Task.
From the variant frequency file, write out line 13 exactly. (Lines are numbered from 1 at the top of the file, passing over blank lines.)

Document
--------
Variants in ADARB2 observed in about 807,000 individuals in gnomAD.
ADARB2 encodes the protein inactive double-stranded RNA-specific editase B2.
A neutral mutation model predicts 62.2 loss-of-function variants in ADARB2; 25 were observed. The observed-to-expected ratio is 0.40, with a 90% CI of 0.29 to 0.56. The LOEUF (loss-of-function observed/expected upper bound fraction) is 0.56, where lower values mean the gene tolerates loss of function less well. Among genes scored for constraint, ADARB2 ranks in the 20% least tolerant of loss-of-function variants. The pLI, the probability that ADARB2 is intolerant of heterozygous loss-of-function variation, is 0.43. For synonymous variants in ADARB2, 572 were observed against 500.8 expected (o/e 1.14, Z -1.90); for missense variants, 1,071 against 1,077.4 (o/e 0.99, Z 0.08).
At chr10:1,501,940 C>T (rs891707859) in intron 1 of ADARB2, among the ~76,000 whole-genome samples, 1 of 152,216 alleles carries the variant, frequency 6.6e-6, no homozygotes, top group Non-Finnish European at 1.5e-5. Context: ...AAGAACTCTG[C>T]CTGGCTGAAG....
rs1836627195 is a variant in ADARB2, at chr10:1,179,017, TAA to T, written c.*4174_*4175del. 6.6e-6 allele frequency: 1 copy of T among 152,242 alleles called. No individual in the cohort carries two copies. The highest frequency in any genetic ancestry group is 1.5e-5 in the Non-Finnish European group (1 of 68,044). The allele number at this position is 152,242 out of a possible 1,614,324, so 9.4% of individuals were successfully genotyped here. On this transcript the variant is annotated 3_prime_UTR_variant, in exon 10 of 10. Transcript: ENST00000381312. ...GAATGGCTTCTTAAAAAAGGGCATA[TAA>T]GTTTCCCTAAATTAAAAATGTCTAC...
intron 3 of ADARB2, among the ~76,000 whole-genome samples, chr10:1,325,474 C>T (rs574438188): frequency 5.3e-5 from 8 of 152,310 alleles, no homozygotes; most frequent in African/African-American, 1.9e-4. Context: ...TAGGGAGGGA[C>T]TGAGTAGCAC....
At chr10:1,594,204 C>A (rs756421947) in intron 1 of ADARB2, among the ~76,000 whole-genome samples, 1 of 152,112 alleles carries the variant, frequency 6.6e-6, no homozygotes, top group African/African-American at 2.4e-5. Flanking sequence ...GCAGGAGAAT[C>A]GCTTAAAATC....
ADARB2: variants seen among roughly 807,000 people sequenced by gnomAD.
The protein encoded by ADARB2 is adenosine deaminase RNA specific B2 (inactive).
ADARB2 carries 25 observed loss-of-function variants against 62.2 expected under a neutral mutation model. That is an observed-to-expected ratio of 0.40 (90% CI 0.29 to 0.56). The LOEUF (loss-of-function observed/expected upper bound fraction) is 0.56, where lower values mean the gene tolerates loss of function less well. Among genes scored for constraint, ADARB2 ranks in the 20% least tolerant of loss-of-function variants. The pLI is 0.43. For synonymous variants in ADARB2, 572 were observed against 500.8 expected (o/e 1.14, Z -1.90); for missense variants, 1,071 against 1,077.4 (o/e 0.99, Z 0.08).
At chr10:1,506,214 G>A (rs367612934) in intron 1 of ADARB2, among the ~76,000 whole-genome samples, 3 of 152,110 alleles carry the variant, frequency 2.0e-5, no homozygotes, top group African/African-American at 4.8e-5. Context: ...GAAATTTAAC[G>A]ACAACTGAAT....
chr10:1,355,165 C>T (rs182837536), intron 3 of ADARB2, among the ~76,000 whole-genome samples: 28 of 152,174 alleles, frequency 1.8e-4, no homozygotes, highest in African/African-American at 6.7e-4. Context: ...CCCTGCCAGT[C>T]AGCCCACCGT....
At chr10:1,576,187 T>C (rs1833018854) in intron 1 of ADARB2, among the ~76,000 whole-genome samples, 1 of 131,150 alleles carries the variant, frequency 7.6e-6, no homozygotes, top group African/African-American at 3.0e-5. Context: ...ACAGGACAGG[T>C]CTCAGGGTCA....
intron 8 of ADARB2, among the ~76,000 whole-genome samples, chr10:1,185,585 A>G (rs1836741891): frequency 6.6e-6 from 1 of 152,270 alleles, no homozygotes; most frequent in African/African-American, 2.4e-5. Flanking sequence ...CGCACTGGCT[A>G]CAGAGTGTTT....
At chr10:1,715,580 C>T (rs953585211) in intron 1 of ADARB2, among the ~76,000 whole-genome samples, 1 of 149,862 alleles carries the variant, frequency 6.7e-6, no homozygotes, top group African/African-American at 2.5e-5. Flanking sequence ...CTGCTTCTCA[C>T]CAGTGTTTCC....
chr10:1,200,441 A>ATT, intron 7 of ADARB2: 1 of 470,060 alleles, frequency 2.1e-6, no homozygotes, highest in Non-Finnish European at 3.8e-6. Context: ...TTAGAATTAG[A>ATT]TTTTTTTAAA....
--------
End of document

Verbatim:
At chr10:1,576,187 T>C (rs1833018854) in intron 1 of ADARB2, among the ~76,000 whole-genome samples, 1 of 131,150 alleles carries the variant, frequency 7.6e-6, no homozygotes, top group African/African-American at 3.0e-5. Context: ...ACAGGACAGG[T>C]CTCAGGGTCA....